02. Searching for Files with find find

The locate command is useful and efficient if you need to locates a file based on its pathname. However, if you want more flexibilty and power in your search, you can use the find command.

There are three main parts of the find command:

  1. Where to look
  2. Criteria
  3. Actions

Below is an example of a typical find command.

find command structure

Let's go through this piece-by-piece.

Where to look

The first argument is which directories we want to look in. By default, the shell searches recursively through the directory specified.

$ find . 

This simple example will list out all file names and directories in the current folder (.). You may place a relative or an absolute pathname here, or your home directory (~).

If you have a lot of files and want to see how many files are being listed, we can use the wc command.

$ find . | wc
3 3 32

This shows us that this particular find command returns 3 words, 3 lines and 32 characters. In other words, we have just three files (including folders) being outputted.


Now, it's probably not manageable to list out all contents, or as useful to just wc results. Additionally, we wouldn't want to pipe our results as that can be too messy of a command.

Luckily we can use criteria to filter our results directly through the find command.

Specifying file type

A useful option we can use is type, which is used to filter based on the type of file.

To specify a directory or file, we simply pass a d, or f respectively.

$ find ~ -type d
# List all directories within our home 
$ find ~ -type f 
# List all files within our home

You can also use a l type for symbolic links.

Specifying file name

In addition to file type, we can specify name with the -name option. We can add wildcards for more flexibility and power.

$ find ~ -type f -name "*.html"
# All files in our home directory with a .html extension

For the case-insensitive option, we use -iname.

Specifying file size

To specify a file size, we use the -size option. Before typing out the size, place either a - or + symbol. This specifies if you want results that are smaller or larger than the given value.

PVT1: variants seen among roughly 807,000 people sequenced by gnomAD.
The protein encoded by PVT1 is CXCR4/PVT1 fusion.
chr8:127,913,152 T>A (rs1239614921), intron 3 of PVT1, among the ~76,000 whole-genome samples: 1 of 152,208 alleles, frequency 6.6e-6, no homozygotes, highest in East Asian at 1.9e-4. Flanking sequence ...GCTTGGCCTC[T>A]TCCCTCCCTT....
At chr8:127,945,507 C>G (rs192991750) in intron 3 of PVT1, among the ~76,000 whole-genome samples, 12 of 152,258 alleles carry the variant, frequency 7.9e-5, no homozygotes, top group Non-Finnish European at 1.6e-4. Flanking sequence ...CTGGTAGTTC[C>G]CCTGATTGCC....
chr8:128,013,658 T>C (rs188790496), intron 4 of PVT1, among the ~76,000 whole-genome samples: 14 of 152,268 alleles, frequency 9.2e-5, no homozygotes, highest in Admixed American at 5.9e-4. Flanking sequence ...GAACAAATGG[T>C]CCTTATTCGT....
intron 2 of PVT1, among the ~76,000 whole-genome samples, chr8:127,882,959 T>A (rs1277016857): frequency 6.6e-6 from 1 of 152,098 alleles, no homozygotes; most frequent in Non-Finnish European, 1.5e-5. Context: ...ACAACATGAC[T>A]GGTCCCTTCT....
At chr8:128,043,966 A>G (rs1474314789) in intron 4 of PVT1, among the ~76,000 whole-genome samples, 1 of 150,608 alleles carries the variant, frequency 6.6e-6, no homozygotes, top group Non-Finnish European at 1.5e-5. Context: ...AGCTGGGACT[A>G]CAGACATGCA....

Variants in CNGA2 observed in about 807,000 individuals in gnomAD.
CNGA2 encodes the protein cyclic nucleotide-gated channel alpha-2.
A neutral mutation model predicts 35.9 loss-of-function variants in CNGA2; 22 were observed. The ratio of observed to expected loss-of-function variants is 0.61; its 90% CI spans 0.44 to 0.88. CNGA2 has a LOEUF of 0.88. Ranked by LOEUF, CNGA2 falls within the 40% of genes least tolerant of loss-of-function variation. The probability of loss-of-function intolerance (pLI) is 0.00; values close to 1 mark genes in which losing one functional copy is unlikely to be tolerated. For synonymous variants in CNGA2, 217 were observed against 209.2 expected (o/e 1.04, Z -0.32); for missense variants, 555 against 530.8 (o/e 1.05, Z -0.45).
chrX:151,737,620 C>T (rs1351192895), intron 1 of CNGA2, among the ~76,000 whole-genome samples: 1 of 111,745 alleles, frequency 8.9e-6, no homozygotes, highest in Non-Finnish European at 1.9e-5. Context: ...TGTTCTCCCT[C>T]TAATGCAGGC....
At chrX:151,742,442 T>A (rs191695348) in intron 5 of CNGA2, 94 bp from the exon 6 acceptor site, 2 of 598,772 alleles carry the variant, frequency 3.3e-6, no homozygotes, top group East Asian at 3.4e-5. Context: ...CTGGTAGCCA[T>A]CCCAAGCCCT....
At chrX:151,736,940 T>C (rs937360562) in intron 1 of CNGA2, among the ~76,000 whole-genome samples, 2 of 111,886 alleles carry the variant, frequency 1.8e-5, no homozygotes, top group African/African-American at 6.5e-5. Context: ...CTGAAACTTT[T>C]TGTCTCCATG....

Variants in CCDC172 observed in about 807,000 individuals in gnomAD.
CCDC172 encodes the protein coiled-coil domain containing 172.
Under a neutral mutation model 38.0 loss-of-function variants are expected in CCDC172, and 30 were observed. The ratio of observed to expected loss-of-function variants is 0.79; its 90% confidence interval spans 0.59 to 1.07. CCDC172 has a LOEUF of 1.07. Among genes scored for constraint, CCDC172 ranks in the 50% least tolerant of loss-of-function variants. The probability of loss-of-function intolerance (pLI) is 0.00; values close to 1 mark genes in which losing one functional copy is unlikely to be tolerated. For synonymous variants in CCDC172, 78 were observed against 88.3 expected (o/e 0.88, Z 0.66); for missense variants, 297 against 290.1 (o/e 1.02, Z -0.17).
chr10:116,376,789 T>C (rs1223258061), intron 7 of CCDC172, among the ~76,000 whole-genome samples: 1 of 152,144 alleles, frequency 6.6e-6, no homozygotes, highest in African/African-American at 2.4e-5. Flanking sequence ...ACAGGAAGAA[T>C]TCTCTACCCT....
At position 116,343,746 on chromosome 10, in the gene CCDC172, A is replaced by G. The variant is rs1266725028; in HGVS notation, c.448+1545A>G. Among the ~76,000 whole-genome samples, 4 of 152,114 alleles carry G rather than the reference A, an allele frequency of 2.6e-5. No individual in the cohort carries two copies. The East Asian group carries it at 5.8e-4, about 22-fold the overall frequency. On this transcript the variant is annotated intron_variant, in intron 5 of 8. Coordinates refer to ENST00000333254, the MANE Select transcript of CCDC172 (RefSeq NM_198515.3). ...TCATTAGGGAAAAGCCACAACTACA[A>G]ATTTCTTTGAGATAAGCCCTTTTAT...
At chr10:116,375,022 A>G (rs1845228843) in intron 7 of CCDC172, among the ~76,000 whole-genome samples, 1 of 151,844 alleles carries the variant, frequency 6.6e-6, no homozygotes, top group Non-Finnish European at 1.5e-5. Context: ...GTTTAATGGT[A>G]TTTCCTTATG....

$ find ~ -type f -name "*.html" -size -3M
# Search for all files with an .html extension with a size < 3 megabytes. 

Many more!

There are plenty of other options that are available to suit your needs. Remember to check out the man page for a list of all of them. Here are some of our favorites that you may find useful.

-cmin n
files or directories that were modified n minutes ago.
files or directories that are empty.
-mtime n
Files or directories that were modified within n*24 hours ago.
-mmin n
Files or directories modified at least +n minutes ago and less than -n minutes ago.
-maxdepth n
Descend at most n levels into a directory.
-mindepth n
Descend at least n levels into a directory.
Don't traverse directories that are mounted on other file systems.
-newer file
Files and directories that are newer than file.
-perm mode
Find files/directories that match a specified mode.
-user name
Find files or directories belonging to a name.
Can also use the -uid or -guid to find by user ID and group ID.

Logical Operators

We can combine logical operators to further specify our search specifications; to specify precedence, surround the statements with \( and \).

Both expressions are true.
Either expression must be true.

For example, if we wanted our search criteria to match two criteria, we can link a statement with an -and. If we just want one of the criteria to be satisfied, use -or statement.

$ find . -type f \( -name "*.html" \) -or \( -name "*.php" \)
# Return all files with a .html extension and readable by others 
$ find . -type f \( -name "*.html" -and -perm -o=r \)


Lastly, we have our actions, where apply a command to the files that have been found.

Delete the currently matching file.
Perform ls -dils on matching files.
Output the full pathname of match file.
Quit once a match is made.

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